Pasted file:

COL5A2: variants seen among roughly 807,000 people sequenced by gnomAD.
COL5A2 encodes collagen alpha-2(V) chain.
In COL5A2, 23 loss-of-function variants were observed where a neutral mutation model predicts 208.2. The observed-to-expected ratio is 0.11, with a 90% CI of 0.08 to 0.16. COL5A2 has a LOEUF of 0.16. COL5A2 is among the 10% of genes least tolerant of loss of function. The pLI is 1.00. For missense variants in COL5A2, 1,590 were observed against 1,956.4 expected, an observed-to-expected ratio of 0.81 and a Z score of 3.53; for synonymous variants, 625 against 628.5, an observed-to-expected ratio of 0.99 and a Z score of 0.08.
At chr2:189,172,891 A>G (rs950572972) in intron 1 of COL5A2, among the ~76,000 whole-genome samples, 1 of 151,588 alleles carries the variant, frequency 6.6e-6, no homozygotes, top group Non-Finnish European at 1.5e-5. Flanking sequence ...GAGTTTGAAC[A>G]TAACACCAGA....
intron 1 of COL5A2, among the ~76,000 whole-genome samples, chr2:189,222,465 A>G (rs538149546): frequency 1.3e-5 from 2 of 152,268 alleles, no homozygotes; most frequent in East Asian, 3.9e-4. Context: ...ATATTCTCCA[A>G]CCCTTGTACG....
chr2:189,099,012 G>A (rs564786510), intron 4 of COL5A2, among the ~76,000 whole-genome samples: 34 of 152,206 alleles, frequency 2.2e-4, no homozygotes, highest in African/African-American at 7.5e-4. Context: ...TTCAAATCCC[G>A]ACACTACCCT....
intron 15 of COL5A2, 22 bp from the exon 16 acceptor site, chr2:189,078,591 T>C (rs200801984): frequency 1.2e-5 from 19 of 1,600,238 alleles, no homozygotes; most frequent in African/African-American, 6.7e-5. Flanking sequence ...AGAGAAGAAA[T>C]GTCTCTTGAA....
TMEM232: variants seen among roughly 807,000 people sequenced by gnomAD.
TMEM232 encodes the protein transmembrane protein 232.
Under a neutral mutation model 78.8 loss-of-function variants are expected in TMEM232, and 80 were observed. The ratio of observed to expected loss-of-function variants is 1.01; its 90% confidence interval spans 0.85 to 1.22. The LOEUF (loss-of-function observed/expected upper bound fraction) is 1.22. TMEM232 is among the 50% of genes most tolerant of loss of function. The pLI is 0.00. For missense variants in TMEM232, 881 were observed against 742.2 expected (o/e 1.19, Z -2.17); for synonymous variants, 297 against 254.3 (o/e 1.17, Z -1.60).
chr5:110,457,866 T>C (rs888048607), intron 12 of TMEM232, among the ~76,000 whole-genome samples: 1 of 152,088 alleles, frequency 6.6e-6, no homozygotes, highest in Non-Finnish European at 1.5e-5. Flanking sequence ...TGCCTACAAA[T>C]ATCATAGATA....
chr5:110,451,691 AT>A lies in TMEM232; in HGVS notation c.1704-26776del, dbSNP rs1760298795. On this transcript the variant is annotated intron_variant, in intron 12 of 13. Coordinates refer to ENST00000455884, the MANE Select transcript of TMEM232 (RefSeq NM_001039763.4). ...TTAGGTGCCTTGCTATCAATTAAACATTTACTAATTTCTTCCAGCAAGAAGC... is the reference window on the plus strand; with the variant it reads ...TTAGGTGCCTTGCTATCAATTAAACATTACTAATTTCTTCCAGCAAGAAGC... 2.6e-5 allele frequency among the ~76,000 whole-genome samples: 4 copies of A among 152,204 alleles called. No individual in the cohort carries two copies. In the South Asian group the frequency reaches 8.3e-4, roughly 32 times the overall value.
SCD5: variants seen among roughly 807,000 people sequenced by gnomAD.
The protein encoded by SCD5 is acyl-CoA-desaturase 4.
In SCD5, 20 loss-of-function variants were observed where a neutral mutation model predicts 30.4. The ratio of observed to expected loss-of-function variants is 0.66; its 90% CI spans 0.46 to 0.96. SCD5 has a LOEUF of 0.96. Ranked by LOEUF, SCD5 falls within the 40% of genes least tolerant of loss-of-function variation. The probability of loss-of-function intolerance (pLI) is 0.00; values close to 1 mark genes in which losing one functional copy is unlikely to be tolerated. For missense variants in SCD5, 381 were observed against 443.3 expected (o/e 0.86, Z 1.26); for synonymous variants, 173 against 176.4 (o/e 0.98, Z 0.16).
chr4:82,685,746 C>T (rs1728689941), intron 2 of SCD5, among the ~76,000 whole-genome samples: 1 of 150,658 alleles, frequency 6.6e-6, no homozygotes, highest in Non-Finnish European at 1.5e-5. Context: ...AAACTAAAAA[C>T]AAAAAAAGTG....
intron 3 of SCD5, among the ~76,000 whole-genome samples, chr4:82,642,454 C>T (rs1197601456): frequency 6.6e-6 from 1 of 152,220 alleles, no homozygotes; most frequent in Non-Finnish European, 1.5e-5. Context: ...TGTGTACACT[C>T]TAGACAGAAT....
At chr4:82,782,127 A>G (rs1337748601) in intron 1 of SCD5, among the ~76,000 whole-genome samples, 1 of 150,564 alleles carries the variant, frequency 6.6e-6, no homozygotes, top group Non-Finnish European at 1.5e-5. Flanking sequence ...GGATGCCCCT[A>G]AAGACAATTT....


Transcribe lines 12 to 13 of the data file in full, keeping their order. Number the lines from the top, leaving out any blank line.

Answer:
chr5:110,451,691 AT>A lies in TMEM232; in HGVS notation c.1704-26776del, dbSNP rs1760298795. On this transcript the variant is annotated intron_variant, in intron 12 of 13. Coordinates refer to ENST00000455884, the MANE Select transcript of TMEM232 (RefSeq NM_001039763.4). ...TTAGGTGCCTTGCTATCAATTAAACATTTACTAATTTCTTCCAGCAAGAAGC... is the reference window on the plus strand; with the variant it reads ...TTAGGTGCCTTGCTATCAATTAAACATTACTAATTTCTTCCAGCAAGAAGC... 2.6e-5 allele frequency among the ~76,000 whole-genome samples: 4 copies of A among 152,204 alleles called. No individual in the cohort carries two copies. In the South Asian group the frequency reaches 8.3e-4, roughly 32 times the overall value.
SCD5: variants seen among roughly 807,000 people sequenced by gnomAD.